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What’s a university degree worth?

Over half of SME owners across the Republic and Northern Ireland believe that a university degree is becoming increasingly devalued: many argue there is no substitute for practical experience, according to a recent poll.  Almost a third believe that university degrees are now so commonplace that they have lost some of their importance. The results come from Close Brothers’ quarterly survey which canvasses the opinion of business owners and managers from a range of sectors across the UK and Ireland; the Close Brothers Business Barometer.
Harry Parkinson, Managing Director of Close Brothers Commercial Finance, said: “It won't come as a surprise that so many Irish employers think that a university education is becoming less valuable. “The Higher Education Authority recorded over 20,000 entrants to universities in Ireland last year and the Universities and Colleges Admissions Service (UCAS) recorded the highest level of entrants to universities in Northern Ireland during the same period (14,600).  Despite this, the value of third level education is becoming a subject for debate.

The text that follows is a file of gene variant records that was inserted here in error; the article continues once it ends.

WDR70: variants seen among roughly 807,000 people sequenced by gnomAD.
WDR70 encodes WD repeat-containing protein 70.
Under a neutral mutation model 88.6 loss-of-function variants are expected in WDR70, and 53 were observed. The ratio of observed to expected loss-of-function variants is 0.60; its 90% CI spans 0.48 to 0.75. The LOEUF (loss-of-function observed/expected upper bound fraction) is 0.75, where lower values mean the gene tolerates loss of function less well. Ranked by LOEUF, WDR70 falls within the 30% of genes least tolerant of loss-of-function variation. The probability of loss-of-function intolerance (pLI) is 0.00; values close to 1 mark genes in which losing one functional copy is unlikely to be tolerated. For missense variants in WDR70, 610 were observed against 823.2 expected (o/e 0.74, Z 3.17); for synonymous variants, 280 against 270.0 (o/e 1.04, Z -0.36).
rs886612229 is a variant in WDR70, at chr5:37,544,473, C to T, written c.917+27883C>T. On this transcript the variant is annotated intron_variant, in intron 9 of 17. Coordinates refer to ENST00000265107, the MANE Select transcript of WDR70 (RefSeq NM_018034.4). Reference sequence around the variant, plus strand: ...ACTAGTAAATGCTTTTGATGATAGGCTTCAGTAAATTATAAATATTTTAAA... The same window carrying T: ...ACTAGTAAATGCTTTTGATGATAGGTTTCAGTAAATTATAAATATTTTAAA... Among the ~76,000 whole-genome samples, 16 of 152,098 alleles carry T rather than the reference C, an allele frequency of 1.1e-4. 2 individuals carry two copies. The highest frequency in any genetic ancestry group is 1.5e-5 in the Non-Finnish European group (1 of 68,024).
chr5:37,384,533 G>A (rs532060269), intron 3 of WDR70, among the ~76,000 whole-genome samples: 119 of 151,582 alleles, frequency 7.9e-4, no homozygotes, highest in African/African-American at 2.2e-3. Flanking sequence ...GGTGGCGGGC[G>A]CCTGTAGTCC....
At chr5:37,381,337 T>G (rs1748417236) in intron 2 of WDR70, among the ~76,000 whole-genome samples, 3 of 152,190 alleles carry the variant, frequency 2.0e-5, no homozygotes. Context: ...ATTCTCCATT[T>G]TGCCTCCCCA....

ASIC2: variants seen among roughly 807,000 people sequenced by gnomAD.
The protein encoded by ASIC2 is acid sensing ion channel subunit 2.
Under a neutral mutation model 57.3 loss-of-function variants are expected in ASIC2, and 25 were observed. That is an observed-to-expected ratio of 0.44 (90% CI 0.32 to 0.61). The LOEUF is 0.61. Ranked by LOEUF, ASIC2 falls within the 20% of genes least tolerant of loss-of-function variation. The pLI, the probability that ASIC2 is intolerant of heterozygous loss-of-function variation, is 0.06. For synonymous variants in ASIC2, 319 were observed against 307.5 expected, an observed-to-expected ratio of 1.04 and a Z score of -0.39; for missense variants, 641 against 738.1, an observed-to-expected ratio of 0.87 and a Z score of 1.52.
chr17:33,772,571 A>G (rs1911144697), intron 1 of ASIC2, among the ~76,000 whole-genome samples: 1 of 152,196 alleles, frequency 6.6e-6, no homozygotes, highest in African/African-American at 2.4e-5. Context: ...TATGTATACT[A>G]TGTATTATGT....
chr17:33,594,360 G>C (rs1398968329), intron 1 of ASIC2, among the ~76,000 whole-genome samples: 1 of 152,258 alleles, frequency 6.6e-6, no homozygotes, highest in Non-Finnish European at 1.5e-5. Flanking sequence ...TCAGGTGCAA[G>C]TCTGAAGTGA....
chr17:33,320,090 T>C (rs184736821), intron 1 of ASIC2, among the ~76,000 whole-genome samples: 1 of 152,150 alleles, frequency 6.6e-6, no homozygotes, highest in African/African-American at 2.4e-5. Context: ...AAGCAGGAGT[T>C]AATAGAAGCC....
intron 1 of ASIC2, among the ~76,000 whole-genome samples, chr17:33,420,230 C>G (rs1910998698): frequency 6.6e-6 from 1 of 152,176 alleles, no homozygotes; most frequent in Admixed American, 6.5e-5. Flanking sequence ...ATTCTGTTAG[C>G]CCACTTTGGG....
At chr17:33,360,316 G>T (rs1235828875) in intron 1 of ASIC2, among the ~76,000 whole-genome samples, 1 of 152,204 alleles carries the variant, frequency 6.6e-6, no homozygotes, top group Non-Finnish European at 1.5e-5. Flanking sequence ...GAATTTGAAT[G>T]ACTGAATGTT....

“Our statistics seem to suggest that many employers are beginning to give greater recognition to practical, hands on experience, arguably ahead of academic achievement.” The survey found that a third of bosses in Ireland say they do not consider a degree to be important at all when it comes to hiring new staff members. “Of course, it depends on your chosen career, but the skills potential employers are looking for can be developed in many ways,” added Mr Parkinson.

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